Construction Materials-Success with Construction Tapes

This post originally appeared in the August/September 2022 issue of Fine Homebuilding Magazine.  Choosing the Right Construction Tape for the Job – Fine Homebuilding

Walk through any modern construction project and you’re bound to see construction tape somewhere on the site.  Whether it’s taping the seams of a mechanically attached water resistive barrier (WRB), flashing a window or door opening, or making sure an air barrier is continuous, tapes have become a key part of many assemblies.  Mostly, we use tapes for two purposes, to keep something in, like the air we pay to condition, or keep something out, like water.  It’s important to use the right product for the right application.

My first experience using a construction tape was taping Tyvek seams on the exterior of a home.  That type of tape, which is still in use today, looks similar to a traditional packaging tape that would be used to seal a cardboard box.  Back in those days, we would seal the Tyvek seams and use that same tape to seal the window flanges to the Tyvek.  We learned quickly not to use that tape in that application.

A more recent incident led me to perform a backyard tape test.  We were having issues with a high-performance tape bonding correctly in cold temperatures.  The tape was applied at the bottom end of the manufacturer’s recommended application temperature, which was 14°F.

To determine if it was the tape or something we were doing wrong, I decided to try several different tapes applied on different surfaces during cold weather.  Some worked better than others, as it turned out, the tape we were using was one of the best overall performers.  (You can read about that tape test at Testing Construction Tapes, Part 1 – GreenBuildingAdvisor)

Tape Applications

Pressure sensitive adhesives or construction tapes are used in many applications.  Keeping water out of our assemblies is one of the more common purposes.  Taping the seams of a mechanically attached WRB, like Tyvek, or factory applied WRB such as Zip Sheathing can be an effective water shedding assembly, as long as the tape is applied correctly.  (See installation methods.)  We can also use tapes to protect window and door sill rough openings from water damage, water seal planned penetrations through wall assemblies, such as a dryer or bath vent, or seal foundation to wall or wall to roof connections.  Tapes used for water management will often also keep air from moving through the connection.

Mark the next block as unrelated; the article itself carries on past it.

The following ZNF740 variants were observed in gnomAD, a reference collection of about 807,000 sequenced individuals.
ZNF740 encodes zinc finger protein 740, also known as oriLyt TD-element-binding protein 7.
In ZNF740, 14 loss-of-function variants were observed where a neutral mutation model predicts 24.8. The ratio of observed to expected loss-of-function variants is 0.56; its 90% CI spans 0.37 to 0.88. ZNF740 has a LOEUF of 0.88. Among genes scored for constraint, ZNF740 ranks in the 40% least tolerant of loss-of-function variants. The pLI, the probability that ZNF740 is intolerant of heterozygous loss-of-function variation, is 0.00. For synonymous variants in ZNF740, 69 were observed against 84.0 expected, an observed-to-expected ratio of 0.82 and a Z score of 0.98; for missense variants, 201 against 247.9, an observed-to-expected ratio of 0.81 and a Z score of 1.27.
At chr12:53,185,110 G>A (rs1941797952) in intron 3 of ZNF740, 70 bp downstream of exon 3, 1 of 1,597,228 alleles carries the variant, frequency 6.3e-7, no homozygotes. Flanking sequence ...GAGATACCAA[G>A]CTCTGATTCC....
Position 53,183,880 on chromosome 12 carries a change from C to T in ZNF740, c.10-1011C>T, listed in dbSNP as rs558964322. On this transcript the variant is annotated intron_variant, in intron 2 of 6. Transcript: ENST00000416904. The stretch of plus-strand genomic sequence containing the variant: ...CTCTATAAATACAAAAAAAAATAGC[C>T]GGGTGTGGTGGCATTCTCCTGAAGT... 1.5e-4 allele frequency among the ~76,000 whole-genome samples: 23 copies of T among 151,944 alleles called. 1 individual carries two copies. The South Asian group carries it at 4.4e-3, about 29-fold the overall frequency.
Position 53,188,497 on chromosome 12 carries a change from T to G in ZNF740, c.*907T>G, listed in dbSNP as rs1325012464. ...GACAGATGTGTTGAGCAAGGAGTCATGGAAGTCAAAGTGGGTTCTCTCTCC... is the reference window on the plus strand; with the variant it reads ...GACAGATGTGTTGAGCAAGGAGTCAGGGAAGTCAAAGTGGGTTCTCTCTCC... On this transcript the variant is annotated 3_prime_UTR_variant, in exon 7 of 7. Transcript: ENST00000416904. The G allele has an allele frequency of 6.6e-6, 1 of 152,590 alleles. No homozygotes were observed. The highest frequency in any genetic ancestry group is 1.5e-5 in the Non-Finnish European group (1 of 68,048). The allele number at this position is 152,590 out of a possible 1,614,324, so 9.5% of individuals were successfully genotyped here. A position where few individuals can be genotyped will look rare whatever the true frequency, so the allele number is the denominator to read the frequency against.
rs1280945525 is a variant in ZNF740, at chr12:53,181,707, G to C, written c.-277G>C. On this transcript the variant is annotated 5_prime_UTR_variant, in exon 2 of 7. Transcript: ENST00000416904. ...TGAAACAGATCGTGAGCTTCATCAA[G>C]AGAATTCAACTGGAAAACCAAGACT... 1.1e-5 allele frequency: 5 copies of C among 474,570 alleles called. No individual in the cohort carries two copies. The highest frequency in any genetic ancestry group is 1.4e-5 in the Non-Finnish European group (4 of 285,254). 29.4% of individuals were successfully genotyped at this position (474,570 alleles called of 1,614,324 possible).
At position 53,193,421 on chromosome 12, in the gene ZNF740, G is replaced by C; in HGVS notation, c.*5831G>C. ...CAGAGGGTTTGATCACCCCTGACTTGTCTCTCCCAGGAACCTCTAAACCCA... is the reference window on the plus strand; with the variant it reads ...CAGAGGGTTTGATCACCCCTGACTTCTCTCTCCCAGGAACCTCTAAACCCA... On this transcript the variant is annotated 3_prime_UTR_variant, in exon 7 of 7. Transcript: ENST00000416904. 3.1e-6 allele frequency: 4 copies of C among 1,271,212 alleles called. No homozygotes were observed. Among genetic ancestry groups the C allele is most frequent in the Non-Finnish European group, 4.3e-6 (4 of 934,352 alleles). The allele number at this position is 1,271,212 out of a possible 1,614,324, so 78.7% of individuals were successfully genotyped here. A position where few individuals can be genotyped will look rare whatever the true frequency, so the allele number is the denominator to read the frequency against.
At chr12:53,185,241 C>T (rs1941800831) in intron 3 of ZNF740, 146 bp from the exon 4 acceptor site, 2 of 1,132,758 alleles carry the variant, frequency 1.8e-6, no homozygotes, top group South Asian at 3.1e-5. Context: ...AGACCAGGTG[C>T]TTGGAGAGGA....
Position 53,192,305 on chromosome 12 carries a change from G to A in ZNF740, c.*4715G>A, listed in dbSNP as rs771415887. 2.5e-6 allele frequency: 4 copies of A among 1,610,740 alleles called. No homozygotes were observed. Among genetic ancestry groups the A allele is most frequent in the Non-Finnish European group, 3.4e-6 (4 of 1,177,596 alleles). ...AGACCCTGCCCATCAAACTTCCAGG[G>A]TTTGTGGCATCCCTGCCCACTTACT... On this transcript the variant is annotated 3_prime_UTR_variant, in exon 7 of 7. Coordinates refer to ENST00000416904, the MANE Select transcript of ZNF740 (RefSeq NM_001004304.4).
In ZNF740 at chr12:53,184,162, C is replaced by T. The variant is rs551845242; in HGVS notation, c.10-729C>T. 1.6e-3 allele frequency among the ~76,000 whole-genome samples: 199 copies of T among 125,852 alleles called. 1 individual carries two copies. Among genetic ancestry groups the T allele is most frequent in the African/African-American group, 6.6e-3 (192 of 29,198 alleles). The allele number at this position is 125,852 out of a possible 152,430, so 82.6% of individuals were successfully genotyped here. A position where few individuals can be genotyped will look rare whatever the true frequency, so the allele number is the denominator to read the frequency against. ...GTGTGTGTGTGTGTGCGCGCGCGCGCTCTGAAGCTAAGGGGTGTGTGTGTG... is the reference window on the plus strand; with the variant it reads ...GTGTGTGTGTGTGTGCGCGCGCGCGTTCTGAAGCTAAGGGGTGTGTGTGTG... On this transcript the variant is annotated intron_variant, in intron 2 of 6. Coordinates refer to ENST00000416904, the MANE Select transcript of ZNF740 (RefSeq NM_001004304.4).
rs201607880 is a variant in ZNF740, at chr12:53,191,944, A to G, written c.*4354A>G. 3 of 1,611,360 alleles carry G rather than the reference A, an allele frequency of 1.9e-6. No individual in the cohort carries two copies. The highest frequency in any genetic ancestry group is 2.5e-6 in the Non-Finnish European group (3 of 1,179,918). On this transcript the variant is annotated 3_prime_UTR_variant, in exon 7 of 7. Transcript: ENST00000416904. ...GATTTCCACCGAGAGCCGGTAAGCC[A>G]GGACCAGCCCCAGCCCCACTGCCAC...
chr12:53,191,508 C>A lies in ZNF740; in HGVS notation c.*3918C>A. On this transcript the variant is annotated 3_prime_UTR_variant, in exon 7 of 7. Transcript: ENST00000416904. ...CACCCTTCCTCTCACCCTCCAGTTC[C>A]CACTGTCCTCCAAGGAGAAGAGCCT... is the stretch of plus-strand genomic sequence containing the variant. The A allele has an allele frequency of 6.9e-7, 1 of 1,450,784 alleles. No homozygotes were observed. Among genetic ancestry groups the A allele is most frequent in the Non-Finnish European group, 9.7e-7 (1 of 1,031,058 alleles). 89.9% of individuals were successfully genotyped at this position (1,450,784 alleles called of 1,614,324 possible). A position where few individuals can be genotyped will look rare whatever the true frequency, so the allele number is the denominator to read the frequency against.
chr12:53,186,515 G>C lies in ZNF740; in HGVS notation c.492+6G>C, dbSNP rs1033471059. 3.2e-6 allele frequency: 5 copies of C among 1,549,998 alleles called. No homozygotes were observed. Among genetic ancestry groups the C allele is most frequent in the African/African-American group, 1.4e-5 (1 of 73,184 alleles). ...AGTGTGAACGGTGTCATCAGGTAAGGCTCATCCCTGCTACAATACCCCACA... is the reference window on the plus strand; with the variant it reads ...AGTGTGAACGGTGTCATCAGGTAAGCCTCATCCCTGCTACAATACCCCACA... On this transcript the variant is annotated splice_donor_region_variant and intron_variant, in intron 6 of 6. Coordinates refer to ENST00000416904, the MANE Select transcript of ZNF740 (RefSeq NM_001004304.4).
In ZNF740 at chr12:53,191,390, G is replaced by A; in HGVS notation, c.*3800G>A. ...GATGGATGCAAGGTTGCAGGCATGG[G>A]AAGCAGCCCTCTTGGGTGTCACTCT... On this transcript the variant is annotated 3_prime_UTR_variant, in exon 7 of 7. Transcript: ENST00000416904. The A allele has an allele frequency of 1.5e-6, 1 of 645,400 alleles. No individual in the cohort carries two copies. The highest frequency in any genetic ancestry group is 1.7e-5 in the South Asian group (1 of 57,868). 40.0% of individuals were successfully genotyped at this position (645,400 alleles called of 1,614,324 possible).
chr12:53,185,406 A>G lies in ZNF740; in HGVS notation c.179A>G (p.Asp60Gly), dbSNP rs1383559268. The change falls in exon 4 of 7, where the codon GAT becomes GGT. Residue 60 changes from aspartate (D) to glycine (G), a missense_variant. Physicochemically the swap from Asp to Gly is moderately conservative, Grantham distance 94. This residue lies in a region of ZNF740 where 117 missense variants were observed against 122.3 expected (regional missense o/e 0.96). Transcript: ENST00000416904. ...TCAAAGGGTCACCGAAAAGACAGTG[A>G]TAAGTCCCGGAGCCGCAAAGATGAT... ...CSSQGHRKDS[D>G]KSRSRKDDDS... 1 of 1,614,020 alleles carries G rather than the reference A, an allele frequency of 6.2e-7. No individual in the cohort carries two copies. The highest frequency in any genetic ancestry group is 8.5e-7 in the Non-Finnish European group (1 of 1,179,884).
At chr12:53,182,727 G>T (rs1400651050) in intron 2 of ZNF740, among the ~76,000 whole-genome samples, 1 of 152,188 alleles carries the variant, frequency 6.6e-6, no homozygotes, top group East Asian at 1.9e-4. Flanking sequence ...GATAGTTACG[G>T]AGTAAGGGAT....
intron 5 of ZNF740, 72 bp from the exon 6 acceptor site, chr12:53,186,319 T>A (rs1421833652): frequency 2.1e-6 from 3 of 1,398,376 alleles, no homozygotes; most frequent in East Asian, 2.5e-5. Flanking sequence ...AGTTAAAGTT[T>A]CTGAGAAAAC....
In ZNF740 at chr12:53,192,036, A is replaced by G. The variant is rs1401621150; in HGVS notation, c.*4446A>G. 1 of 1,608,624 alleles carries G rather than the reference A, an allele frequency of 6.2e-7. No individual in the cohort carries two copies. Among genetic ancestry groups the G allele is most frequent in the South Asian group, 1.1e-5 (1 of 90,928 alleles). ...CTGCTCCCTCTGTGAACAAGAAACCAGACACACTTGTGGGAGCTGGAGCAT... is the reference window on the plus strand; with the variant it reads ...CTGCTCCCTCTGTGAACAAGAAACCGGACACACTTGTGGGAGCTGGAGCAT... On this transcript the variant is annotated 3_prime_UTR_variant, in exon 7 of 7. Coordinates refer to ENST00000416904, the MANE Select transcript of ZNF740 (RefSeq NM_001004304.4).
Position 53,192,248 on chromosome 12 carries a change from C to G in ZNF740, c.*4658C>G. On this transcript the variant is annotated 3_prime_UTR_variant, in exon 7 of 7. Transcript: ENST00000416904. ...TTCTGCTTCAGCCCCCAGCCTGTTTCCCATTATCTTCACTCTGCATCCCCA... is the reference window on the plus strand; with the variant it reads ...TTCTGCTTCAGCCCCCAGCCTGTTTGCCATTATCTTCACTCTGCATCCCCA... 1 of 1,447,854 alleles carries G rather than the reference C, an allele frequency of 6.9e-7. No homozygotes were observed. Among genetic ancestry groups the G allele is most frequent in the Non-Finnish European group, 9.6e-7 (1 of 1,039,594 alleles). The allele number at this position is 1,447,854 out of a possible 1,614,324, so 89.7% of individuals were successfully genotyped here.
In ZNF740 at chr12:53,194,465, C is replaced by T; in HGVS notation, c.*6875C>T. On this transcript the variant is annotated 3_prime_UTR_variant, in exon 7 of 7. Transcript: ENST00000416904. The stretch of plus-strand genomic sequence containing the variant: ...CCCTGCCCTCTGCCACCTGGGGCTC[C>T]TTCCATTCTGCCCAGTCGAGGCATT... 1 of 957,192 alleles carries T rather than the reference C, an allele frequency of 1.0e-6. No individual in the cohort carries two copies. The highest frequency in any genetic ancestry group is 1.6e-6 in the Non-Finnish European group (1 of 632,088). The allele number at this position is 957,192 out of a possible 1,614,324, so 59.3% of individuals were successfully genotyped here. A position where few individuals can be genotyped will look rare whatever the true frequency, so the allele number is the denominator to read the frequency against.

Personally, I’ve always been a fan of using one manufacturer’s products as one assembly.  For example, when using Tyvek house wraps, I prefer to use Tyvek’s family of tapes, Siga’s air and vapor membranes combined with Siga’s tapes, etc.  Each have been tested as a system and I feel they will perform the way intended, again, as long as they are installed per the manufacturer’s instructions.

Taping Surfaces

Tapes are designed to adhere to many different surfaces, wood; both engineered and boards, insulation materials such as XPS, EPS and Polyiso, plastics, PVC’s and fiberglass, such as the materials used for window nailing flanges, metal, glass and concrete.  Depending on the surface type and manufacturer of tape, the surface being taped to may require a primer.  Some manufacturers may require OSB to be primed before applying tape, others will require a primer to be used on concrete.  Check with the manufacturer’s recommendations for specific requirements.

Tape adhesion, or how well a tape will stick to a surface is based on several factors. How smooth, rough or porous a surface is one of the bigger factors.   The viscosity of the glue and its ability to make full contact with the surface also affects adhesion.  This viscosity may change depending on ambient temperatures.  Some tapes will “creep” or move on a surface when temperatures are too high, other tapes may not adhere at all in low temperatures.  Another factor will be how clean or dry the surface to be taped is, dust and debris should be removed.  Some tapes will work on damp surfaces while others require the surface to be completely dry.